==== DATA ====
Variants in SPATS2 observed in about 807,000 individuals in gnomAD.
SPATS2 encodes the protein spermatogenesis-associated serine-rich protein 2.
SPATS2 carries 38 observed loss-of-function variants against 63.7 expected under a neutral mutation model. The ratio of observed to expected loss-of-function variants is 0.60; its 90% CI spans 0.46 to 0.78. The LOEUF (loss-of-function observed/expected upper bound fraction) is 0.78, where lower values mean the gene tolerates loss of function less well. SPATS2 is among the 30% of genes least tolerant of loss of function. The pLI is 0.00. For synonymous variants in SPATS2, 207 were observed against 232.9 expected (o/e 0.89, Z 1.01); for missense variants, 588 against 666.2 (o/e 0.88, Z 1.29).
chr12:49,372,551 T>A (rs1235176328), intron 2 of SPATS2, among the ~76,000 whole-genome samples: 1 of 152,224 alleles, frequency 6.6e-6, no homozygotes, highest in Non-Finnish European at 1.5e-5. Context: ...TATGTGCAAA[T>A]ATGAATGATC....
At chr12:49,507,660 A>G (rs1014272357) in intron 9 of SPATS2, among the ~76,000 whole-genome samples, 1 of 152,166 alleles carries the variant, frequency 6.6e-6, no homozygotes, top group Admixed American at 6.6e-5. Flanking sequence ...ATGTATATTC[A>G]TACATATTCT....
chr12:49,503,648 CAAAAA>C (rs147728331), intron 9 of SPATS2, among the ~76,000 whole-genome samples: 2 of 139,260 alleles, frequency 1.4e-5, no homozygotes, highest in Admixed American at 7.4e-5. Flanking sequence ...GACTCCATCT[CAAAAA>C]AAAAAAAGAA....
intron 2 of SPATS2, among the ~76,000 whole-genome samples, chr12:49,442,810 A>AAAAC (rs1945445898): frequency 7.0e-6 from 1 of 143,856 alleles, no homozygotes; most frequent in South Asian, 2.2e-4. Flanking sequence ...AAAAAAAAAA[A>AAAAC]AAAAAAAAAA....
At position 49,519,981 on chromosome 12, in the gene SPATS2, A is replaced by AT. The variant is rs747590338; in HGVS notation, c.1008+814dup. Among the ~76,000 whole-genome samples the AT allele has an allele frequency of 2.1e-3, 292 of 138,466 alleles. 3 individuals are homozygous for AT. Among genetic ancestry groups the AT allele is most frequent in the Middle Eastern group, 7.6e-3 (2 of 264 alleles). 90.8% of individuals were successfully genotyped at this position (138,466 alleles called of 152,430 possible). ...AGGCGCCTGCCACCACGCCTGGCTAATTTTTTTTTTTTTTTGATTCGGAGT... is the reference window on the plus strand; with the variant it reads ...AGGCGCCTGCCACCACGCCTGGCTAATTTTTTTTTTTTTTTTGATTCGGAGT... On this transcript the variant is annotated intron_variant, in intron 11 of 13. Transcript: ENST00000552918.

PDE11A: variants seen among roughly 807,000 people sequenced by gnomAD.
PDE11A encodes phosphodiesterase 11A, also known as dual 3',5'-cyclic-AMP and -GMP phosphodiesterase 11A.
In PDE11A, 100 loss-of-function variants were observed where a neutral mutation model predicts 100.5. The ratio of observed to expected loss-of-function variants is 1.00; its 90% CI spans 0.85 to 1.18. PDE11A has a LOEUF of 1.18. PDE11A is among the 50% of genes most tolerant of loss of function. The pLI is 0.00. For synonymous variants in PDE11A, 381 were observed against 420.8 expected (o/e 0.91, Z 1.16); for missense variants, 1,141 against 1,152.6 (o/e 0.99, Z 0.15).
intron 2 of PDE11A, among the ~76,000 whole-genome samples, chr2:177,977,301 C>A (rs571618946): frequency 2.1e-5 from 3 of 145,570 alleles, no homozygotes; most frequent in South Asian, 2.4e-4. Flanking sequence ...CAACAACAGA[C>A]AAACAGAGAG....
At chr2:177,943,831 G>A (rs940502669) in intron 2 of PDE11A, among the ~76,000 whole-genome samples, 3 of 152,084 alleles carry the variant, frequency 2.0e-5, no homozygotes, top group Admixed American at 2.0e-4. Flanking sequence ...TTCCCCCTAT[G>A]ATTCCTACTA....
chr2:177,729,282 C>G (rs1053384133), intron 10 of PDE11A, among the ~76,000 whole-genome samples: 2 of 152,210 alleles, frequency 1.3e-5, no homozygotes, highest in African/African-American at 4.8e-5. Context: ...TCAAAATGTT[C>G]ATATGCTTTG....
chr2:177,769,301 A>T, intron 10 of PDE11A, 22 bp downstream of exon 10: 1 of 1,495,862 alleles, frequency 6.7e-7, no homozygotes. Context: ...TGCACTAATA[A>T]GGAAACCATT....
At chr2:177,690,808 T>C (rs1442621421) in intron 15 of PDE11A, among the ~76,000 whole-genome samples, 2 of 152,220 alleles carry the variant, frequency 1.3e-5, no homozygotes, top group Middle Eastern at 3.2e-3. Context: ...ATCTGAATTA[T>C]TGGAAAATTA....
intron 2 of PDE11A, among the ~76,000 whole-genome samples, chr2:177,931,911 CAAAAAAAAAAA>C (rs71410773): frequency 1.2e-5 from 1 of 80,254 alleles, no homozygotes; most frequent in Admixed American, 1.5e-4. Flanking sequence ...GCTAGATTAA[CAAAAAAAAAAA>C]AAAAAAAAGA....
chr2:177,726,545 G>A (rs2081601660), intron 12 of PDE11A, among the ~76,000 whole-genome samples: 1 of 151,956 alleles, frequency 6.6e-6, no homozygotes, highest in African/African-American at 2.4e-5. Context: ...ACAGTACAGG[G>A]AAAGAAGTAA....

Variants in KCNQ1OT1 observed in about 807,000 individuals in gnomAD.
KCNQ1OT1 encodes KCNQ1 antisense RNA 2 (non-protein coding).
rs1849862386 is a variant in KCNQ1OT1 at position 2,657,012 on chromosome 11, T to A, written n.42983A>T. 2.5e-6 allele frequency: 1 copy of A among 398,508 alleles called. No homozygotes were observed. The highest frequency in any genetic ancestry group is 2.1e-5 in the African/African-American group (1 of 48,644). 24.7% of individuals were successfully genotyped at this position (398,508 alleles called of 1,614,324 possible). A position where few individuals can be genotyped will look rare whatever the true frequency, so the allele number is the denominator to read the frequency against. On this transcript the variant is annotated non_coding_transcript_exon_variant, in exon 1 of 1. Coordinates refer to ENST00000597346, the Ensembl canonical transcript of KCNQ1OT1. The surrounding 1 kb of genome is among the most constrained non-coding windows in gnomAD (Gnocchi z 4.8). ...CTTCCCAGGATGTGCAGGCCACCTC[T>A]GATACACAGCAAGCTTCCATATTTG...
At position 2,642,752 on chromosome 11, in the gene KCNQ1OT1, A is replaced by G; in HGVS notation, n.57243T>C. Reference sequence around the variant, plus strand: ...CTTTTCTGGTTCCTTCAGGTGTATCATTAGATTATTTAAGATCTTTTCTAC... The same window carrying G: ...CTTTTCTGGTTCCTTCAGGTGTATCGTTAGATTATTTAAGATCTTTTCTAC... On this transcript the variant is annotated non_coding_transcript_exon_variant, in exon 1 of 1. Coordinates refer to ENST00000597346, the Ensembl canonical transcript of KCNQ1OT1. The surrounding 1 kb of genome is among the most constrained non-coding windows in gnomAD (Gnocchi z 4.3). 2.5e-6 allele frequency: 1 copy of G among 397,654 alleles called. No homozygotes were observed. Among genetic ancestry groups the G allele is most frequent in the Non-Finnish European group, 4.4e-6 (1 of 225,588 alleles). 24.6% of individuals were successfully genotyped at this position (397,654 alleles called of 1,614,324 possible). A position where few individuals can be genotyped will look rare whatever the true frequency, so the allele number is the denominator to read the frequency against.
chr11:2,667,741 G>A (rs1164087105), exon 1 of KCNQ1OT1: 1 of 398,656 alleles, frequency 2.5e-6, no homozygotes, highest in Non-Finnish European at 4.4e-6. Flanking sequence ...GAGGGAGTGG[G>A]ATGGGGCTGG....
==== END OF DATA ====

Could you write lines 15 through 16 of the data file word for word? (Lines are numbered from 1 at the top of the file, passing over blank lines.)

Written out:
chr2:177,769,301 A>T, intron 10 of PDE11A, 22 bp downstream of exon 10: 1 of 1,495,862 alleles, frequency 6.7e-7, no homozygotes. Context: ...TGCACTAATA[A>T]GGAAACCATT....
At chr2:177,690,808 T>C (rs1442621421) in intron 15 of PDE11A, among the ~76,000 whole-genome samples, 2 of 152,220 alleles carry the variant, frequency 1.3e-5, no homozygotes, top group Middle Eastern at 3.2e-3. Context: ...ATCTGAATTA[T>C]TGGAAAATTA....